On May 29, in celebration of Pride Month, singer-songwriter Sufjan Stevens surprised fans with the release of an EP named for its composite songs: Love Yourself / With My Whole Heart.
“Love Yourself” / “Love Yourself (1996 Demo)” / “Love Yourself (Short Reprise)”
Stevens has released two versions of the first of the tracks, “Love Yourself,” before — in 2013, he posted both to SoundCloud.
In the song’s most recent iteration, Stevens replaces his traditional saccharine melancholy with whimsy and earnestness. On the surface, the track seems to be a departure from the artist’s style: a relatively upbeat melody, bubbling synth and cascading chimes paired with simple and repetitive lyrics. As the title would suggest, it is a song about self-love, its message clear and direct. In contrast, the 1996 demo, which Stevens includes on the EP, is acoustic and folklike, short and sweet. In both versions, “Love Yourself” represents a simple and easy kind of beauty.
Yet it is behind this deceptively uncomplicated facade that Stevens rears his beautiful, brilliant brain. The song is as uniquely Sufjan Stevens as the musician’s dark and unexpectedly affectionate 2005 “John Wayne Gacy, Jr.”
In “Love Yourself,” Stevens alternates between asking the listener to love themselves (“Love, can you love yourself?”) and imploring the listener to assess their beliefs (“Make a shelf / Put all the things on / That you believe in”). The context of the song’s release near the beginning of Pride Month reveals a meaning specific to the plight of the LGBTQ+ community. “Love Yourself” acts as a kind of external beckoning toward introspection, with Stevens begging the listener to weigh their beliefs in order to love, not criticize, themselves. In a world in which many belief systems (be they religious or social) have the propensity to breed self-hatred within members of the LGBTQ+ community, the song acts as a rallying cry — your beliefs do not have to come at the expense of self-love and acceptance.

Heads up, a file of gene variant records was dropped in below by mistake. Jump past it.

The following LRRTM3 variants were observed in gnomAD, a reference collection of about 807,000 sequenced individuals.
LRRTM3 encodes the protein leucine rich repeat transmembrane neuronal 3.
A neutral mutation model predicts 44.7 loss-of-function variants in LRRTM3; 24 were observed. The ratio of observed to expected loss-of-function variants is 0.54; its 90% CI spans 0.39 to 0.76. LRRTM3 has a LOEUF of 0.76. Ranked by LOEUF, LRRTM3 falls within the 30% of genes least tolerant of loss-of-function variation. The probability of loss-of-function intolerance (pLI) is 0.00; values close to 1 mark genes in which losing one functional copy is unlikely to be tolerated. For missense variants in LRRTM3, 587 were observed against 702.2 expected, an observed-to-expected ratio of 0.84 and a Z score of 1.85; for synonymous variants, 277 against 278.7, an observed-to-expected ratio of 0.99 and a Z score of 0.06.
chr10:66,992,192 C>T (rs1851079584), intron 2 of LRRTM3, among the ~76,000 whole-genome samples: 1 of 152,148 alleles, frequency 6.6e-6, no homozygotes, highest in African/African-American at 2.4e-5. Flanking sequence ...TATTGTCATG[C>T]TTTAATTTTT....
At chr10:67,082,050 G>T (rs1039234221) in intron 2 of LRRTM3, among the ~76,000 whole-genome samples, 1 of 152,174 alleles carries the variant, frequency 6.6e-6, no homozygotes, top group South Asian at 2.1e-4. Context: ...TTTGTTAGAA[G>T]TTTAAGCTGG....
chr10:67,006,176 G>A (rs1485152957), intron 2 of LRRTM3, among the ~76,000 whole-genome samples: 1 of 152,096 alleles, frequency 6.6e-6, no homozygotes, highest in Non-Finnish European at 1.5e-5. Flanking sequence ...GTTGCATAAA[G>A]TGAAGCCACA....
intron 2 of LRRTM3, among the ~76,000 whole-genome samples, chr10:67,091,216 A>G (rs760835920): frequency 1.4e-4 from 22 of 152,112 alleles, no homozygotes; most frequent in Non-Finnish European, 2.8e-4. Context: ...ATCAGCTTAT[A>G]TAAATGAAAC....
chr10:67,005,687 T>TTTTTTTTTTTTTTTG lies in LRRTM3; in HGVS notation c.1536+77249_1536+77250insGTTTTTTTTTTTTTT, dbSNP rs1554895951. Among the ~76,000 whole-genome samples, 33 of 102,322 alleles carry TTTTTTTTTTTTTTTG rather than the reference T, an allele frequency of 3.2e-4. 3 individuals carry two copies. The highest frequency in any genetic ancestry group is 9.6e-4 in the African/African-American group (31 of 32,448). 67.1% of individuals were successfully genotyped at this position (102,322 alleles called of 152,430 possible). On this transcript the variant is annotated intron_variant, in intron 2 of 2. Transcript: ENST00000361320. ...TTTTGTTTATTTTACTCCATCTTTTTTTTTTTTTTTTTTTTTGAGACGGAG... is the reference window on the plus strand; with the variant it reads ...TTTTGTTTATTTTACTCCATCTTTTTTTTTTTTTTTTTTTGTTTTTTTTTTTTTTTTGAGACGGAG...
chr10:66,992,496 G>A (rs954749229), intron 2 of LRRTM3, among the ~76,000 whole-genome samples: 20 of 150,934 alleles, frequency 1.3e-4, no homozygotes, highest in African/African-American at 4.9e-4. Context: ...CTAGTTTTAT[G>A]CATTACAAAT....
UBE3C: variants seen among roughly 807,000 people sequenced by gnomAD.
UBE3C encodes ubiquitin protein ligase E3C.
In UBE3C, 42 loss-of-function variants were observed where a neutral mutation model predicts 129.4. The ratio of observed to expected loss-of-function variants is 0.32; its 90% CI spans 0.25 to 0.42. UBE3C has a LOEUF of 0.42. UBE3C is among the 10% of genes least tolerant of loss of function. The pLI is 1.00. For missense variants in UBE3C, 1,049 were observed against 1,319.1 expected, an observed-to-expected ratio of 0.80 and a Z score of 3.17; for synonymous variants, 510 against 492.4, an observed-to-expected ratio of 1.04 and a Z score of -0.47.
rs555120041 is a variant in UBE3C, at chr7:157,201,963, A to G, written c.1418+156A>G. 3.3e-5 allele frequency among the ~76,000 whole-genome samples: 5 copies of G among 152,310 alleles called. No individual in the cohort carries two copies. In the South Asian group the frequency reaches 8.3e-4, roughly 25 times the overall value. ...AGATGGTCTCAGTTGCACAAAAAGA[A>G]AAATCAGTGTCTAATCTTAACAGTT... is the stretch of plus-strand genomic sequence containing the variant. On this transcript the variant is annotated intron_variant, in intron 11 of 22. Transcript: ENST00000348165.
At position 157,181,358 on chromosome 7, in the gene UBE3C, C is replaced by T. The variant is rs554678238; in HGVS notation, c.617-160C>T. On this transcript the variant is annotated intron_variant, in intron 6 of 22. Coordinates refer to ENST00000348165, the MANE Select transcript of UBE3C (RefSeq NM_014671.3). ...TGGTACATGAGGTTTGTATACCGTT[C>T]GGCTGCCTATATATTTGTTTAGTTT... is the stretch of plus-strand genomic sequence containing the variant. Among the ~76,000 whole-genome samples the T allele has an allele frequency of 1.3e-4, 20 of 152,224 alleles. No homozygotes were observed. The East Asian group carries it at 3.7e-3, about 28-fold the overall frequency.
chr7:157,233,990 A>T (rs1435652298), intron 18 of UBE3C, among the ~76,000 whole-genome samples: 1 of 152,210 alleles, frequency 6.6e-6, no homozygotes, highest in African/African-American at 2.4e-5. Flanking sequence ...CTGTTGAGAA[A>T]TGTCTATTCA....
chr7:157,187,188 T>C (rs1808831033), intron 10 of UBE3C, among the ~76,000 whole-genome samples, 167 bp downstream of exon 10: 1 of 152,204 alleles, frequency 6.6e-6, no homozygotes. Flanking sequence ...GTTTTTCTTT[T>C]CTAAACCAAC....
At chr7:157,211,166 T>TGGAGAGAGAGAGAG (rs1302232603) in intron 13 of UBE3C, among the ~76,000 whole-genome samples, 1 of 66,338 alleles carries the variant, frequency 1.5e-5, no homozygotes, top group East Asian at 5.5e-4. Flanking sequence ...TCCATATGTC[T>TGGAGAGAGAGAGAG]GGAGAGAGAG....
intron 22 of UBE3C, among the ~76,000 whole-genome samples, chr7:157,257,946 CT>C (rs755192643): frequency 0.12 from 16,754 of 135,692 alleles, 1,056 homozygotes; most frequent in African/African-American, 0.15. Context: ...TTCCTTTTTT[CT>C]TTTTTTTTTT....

“With My Whole Heart”
Given the message of “Love Yourself,” the second of the songs, “With My Whole Heart,” is a suitable follow-up. It’s a love song with futuristic tones and a familiar message: “I will love you with my whole heart … Say you love me with your whole heart,” Stevens sings. The song incorporates all of the best parts of ‘80s pop: ambient and existential guitar solos, a crescendo of synths and a beat machine to underscore it all.
Like “Love Yourself,” “With My Whole Heart” is lyrically simple, composed of a repetition of the same four or so lines. But, also like “Love Yourself,” the song includes subtle nuances that, within the context of its release, transcend familiar conventions. In any reading, the song appears to be a dedication of love and goodwill. Yet the inclusion of lines like “I confess the world’s a mess but I will always love you” intimate a kind of forbidden love threatened by something larger than the pair.
The allusion to queer and same-sex love is subtle, though the juxtaposition of the two songs is a huge indication. Even so, it is a message that is wrapped up in what can easily be interpreted as any standard love song. And in a sense, that appears to be the point.
Love Yourself / With My Whole Heart is an inclusive take on love and what it can, and often does, look like. Be it about one’s ability to love oneself or another or both, the EP acts as a form of normalization through open interpretation. As both songs are gender-ambiguous, inclusion becomes less of a buzzword and moving target, and more of a simple reality. With these songs, it appears that the only thing Stevens asks of listeners — be they dedicating the songs to a partner or savoring them for themself — is to love themselves, with their whole heart.
Contact Areyon Jolivette at [email protected].